Why it’s important to preserve agricultural systems?
For most of history, humans have been nomadic hunter-gatherers. Then, around 8.500 BC, through ingenuity they have slowly came up with agriculture. It took thousands of years of developments, trials and errors to get where we are today. Now we have almost eight billion mouths to feed, and around 37% of the land’s surface is devoted to agricultural purposes, resulting in an incredibly high environmental footprint.
With the global population set to grow to twelve billion by 2050, the demand for food will only increase, and sustainable agricultural solutions are of pivotal importance to ensure food security in the face of climate change and other challenging situations like the COVID-19 pandemic that we are suffering now. It is here that the Food and Agriculture Organization of the United Nations (FAO) Globally Important Agricultural Heritage Systems (GIAHS) become of crucial importance.
What are GIAHS?
GIAHS are agri-cultural systems that have evolved throughout the centuries, some of them in harsh climatic conditions and the most remote environments. Still, they managed to survive and thrive thanks to the creativity, ingeniousness, and resourcefulness of farming communities across the world. Even today, GIAHS have plenty of contributions to make to modern agricultural systems and preserving them has become an urgent matter. The goals of this global initiative are manifold. According to FAO, the program
“aims to identify, support and safeguard agricultural systems that sustain and conserve our biodiversity and genetic resources for food and agriculture, rural livelihoods, knowledge systems, cultures and remarkable landscapes.”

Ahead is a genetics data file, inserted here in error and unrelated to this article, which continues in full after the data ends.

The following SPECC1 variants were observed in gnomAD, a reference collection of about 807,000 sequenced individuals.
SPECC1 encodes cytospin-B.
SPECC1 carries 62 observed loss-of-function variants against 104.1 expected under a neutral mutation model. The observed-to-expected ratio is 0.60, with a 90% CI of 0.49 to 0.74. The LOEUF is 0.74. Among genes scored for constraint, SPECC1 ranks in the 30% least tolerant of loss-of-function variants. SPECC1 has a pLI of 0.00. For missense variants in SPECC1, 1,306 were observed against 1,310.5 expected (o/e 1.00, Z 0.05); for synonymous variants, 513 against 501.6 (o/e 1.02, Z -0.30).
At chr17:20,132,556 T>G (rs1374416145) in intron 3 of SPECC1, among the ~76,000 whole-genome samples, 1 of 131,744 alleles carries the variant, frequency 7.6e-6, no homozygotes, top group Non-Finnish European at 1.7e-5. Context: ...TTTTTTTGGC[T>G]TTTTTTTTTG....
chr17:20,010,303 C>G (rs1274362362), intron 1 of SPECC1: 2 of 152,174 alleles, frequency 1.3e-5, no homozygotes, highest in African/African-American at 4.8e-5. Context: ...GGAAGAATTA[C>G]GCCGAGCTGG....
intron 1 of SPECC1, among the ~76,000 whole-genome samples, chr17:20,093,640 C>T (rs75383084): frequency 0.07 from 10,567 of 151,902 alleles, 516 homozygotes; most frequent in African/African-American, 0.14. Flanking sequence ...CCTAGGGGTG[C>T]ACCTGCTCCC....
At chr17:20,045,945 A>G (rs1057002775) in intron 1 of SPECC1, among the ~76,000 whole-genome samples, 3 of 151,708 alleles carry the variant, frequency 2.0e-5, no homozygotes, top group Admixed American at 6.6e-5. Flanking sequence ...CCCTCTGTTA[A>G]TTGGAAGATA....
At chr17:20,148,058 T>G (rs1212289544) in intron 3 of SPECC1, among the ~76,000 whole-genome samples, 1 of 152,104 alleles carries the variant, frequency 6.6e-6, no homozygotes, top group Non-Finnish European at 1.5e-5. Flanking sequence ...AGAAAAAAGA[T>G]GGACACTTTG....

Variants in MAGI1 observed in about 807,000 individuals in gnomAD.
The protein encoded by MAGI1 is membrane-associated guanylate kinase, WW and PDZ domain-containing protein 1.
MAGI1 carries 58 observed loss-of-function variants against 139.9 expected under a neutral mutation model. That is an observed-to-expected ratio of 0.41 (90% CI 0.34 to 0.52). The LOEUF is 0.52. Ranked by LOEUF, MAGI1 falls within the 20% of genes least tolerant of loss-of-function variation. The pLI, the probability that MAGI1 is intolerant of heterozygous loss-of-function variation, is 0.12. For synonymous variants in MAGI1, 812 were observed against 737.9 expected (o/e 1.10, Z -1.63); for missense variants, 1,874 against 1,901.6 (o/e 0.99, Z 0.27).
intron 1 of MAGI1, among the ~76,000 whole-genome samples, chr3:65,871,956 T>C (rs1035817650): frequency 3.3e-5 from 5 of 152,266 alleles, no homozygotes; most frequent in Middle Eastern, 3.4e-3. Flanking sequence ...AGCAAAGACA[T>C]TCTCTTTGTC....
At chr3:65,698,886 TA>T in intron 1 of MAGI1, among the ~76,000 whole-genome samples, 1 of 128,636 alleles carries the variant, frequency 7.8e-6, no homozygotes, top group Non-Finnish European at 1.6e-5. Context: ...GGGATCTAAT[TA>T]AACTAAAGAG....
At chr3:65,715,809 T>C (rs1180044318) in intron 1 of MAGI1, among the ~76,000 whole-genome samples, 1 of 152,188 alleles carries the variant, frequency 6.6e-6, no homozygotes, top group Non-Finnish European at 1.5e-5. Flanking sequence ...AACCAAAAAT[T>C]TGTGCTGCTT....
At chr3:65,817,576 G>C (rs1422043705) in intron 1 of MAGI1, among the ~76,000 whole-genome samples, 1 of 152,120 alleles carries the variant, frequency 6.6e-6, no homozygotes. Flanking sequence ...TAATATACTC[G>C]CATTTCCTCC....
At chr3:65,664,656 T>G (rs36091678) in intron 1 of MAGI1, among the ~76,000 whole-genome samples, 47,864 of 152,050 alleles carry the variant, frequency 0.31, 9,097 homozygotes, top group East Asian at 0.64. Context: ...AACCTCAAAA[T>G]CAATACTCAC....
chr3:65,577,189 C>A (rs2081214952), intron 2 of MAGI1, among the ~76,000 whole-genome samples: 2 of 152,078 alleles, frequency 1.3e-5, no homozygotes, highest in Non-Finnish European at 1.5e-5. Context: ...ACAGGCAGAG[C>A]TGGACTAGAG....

So far, FAO has designated 62 agricultural heritage systems in 22 countries, with the intention of protecting them from the irreversible threats and challenges posed by the rapid changes of our globalized world. According to FAO, a GIAHS is
“a living, evolving system of human communities in an intricate relationship with their territory, cultural or agricultural landscape or biophysical and wider social environment.”
These unique systems are not static heritage systems, but, according to FAO, they are in constant evolution and adaptation “encompassing a holistic vision of “agri-culture.” In Italy, two of these unique agricultural systems have been designated.
The Soave Traditional Vineyards (Veneto)
Amidst the gentle, rolling hills near the city of Verona, the traditional Soave Vineyards have become the first Italian GIAHS in 2018. The area produces a richly textured white wine, the Recioto di Soave, that comes from the carefully selected Garganega and Trebbiano di Soave grapes growing on the volcanic and calcareous soil of the area. This agricultural system is truly unique and fruit of centuries of agricultural development.